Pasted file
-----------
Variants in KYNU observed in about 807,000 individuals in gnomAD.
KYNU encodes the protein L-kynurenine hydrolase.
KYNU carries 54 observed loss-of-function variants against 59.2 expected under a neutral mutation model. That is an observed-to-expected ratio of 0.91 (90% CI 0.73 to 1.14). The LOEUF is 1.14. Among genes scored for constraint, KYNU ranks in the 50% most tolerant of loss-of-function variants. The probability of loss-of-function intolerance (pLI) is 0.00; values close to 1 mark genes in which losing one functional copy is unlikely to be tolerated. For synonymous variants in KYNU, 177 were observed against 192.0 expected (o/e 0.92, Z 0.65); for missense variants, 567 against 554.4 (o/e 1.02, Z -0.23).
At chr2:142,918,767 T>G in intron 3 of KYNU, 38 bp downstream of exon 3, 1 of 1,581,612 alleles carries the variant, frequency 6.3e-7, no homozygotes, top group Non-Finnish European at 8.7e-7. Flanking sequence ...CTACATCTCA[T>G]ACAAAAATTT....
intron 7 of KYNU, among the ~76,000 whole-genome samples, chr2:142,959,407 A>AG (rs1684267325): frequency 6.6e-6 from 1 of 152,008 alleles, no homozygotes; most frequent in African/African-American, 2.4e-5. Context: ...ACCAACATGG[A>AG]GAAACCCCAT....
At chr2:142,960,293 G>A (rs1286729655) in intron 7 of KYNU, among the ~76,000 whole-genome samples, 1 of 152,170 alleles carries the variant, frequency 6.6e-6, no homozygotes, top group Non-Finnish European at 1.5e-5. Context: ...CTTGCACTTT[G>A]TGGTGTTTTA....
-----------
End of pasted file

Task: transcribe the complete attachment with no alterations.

Variants in KYNU observed in about 807,000 individuals in gnomAD.
KYNU encodes the protein L-kynurenine hydrolase.
KYNU carries 54 observed loss-of-function variants against 59.2 expected under a neutral mutation model. That is an observed-to-expected ratio of 0.91 (90% CI 0.73 to 1.14). The LOEUF is 1.14. Among genes scored for constraint, KYNU ranks in the 50% most tolerant of loss-of-function variants. The probability of loss-of-function intolerance (pLI) is 0.00; values close to 1 mark genes in which losing one functional copy is unlikely to be tolerated. For synonymous variants in KYNU, 177 were observed against 192.0 expected (o/e 0.92, Z 0.65); for missense variants, 567 against 554.4 (o/e 1.02, Z -0.23).
At chr2:142,918,767 T>G in intron 3 of KYNU, 38 bp downstream of exon 3, 1 of 1,581,612 alleles carries the variant, frequency 6.3e-7, no homozygotes, top group Non-Finnish European at 8.7e-7. Flanking sequence ...CTACATCTCA[T>G]ACAAAAATTT....
intron 7 of KYNU, among the ~76,000 whole-genome samples, chr2:142,959,407 A>AG (rs1684267325): frequency 6.6e-6 from 1 of 152,008 alleles, no homozygotes; most frequent in African/African-American, 2.4e-5. Context: ...ACCAACATGG[A>AG]GAAACCCCAT....
At chr2:142,960,293 G>A (rs1286729655) in intron 7 of KYNU, among the ~76,000 whole-genome samples, 1 of 152,170 alleles carries the variant, frequency 6.6e-6, no homozygotes, top group Non-Finnish European at 1.5e-5. Context: ...CTTGCACTTT[G>A]TGGTGTTTTA....